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09/02/2003 Archived Entry: ""

It is with no pleasure that I enter an ongoing fray within libertarianism....

A recent controversy demonstrates the need for people of good will to take a stand. Let me sketch the dispute.

On August 13, Ilana Mercer made an unfortunate and erroneous statement in a WorldNetDaily column entitled "Libertarians who loathe Israel." She wrote, "I understand that libertarians like Sheldon Richman (and the Holocaust-denying Institute for Historical Review) believe, mistakenly, that all 'the land' belongs to the Arabs." The statement was erroneous because Sheldon Richman believes no such thing, as his writings have made clear. The statement was unfortunate because it associated his name with the IHR, which is notorious for denying the Holocaust and for promoting hate-filled anti-Semitic views.

On August 18, Richman offered rebuttal in a WorldNetDaily article entitled "Disregard for the truth." The rebuttal focused on two points: 1) he has never argued that "all the land" in the Middle East belongs to the Arabs nor does the link to his work provided by Mercer support that contention; and, 2) the placement of his name next to IHR falsely implies that he is a Holocaust denier -- a particularly bitter juxtaposition given that he lost family to Nazi genocide.

Since then, Mercer has basically repeated her statements about Richman in an August 20 article. Richman responded in WND's "Letters to the Editor" section. There he stated, "Ilana Mercer's recent column, in which she maliciously persists in trying to link me with the Institute for Historical Review, states, 'I am presuming that his own publication in the Journal of Historical Review, Volume 18, No. 1 (January-February, 1999), p. 36. is in all likelihood an unauthorized reprint.' Her presumption, in this case, is correct. I was never asked for permission to reprint my article (which had nothing to do with Israel), and I would not have granted it had I been asked."

Richman's low-profile denial will be unnoticed by most of Mercer's readers who, therefore, would remember him as an IHR "contributor." Therefore, Jacob Hornberger of Future of Freedom Foundation wrote an August 25 article entitled "Shame on WorldNetDaily." In response (08/26/03), Robert Bidinotto offered a defense of Mercer, which primarily consisted of critiquing Hornberger and a past dispute between them. But even such an off-point defense offers credibility to the statements by Mercer that caused the controversy. Indeed, Bidinotto unfortunately increases the level of accusation by adding an element that was absent in Mercer's attack: he links Richman to those who apologize for the terrorist acts of Palestinians -- specifically to the strapping of bombs onto young children.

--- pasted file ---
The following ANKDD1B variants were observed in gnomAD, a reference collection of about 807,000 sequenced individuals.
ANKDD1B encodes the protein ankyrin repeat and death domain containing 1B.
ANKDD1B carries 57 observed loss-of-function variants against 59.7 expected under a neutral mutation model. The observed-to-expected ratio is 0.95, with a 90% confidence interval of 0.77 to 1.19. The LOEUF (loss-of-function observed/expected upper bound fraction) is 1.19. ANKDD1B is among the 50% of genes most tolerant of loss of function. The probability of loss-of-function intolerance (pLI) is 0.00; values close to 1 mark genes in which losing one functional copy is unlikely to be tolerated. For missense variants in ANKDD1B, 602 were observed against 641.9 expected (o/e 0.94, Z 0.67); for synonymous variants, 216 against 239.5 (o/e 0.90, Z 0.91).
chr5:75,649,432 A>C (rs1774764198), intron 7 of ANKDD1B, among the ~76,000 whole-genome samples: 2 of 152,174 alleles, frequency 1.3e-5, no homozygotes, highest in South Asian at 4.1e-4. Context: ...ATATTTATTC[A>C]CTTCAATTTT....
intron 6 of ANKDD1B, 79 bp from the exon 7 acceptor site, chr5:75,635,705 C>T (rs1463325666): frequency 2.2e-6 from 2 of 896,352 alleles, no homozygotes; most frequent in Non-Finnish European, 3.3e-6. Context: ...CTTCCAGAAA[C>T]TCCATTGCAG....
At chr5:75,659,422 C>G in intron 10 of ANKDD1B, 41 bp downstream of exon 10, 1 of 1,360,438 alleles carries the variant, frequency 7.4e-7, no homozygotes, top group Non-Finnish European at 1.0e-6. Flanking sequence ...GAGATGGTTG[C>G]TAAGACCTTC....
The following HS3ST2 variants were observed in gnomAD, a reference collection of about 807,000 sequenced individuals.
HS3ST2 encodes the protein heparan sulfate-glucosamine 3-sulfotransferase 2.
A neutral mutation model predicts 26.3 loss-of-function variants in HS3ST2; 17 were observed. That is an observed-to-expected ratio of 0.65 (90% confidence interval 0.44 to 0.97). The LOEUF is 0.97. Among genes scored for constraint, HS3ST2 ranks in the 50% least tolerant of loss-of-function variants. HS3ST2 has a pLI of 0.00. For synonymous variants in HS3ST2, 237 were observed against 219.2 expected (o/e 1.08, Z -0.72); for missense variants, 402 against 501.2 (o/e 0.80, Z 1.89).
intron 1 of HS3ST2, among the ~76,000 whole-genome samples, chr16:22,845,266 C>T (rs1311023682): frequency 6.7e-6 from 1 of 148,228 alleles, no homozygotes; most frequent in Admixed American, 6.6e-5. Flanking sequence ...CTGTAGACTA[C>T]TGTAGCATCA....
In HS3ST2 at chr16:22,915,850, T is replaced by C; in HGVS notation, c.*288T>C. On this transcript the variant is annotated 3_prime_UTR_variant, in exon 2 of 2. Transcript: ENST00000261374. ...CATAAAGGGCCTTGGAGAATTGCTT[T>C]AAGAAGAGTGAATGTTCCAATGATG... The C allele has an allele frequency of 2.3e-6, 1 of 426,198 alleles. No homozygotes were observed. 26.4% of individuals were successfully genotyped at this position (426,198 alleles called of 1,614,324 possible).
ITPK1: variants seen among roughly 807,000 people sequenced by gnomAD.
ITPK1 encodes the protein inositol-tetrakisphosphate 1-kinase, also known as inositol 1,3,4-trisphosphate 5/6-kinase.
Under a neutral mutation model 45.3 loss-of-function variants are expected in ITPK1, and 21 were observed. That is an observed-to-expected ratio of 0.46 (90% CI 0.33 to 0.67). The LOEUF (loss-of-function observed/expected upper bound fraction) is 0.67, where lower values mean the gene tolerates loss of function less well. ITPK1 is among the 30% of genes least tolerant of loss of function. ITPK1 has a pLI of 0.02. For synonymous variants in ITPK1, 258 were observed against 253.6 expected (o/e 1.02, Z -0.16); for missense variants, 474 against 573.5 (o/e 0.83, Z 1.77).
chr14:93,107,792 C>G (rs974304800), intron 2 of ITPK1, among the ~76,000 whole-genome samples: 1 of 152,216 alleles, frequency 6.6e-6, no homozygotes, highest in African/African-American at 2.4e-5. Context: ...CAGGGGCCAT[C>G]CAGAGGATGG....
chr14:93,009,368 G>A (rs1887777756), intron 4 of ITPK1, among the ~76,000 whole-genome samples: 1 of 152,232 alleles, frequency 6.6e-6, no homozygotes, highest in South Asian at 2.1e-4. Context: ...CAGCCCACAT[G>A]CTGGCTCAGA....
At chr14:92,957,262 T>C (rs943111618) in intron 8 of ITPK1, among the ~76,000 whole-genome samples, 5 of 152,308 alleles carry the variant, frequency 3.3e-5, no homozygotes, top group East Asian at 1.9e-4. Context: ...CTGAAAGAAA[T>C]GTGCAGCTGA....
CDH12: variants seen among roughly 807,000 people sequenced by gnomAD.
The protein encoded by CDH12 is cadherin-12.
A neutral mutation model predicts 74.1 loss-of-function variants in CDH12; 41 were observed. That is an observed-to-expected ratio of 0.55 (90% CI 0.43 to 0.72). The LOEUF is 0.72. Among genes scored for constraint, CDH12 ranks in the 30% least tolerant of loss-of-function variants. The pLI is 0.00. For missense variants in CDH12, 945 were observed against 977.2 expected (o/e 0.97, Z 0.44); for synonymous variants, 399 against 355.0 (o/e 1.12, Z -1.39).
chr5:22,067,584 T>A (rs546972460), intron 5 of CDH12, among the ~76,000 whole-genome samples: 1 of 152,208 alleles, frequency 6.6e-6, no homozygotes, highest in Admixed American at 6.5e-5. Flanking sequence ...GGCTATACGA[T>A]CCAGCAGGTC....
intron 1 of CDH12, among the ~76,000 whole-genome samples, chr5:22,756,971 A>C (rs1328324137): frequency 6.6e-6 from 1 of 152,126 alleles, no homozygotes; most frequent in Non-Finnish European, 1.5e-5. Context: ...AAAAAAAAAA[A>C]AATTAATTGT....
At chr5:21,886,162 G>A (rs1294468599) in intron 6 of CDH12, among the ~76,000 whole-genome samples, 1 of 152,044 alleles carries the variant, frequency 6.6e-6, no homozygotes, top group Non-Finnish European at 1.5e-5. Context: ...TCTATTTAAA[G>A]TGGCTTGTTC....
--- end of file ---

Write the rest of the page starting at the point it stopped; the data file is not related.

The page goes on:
Bidinotto ends his commentary -- which is widely read and has been more widely re-distributed by Mercer -- with the words, "If Mr. Richman needs a defender concerned with the truth, it should be someone other than Bumper Hornberger." Without accepting that Hornberger is an inadequate defender...I offer my services.

I have no axe to grind. I am on cordial terms with Mercer and I do not know Bidinotto. The Middle East is not a "flash point" issue with me, although I once addressed the subject at length in an audio-documentary (more on this later). Sheldon Richman (hereafter Sheldon) is a good friend but I would not hesitate to disagree with him on issues or theory because I know he views honest disagreements as interesting rather than offensive.

I write because it is unconscionable that Sheldon's name has been linked to Holocaust denial and that his views are distorted to make it appear that he condoned the terrorist murder of innocents.

Both Mercer and Bidinotto dismiss the linking of Sheldon's name with the Holocaust-denying and anti-semitic IHR as a matter of little consequence. Indeed, they seem to think no one will make the association that naturally would follow by having both in one sentence. Had I not known Sheldon, certainly I would have assumed it meant there was an association between the two. I do not know whether Mercer or Bidinotto would similarly dismiss the linking of their own names with the pro-pedophile NAMBLA or pro-terrorist Al-Qaeda. I suspect they would both ask for a retraction or an apology. Similarly, I believe Mercer owes Sheldon a public apology for not only associating his name with IHR in the first column but also for repeating the innuendo in the second column. She must realize that such a clearly implied accusation causes both personal grief to a man whose family was victimized in the Holocaust and possible career damage to a professional writer and editor. I cannot imagine that she wishes to cause such undeserved grief and damage.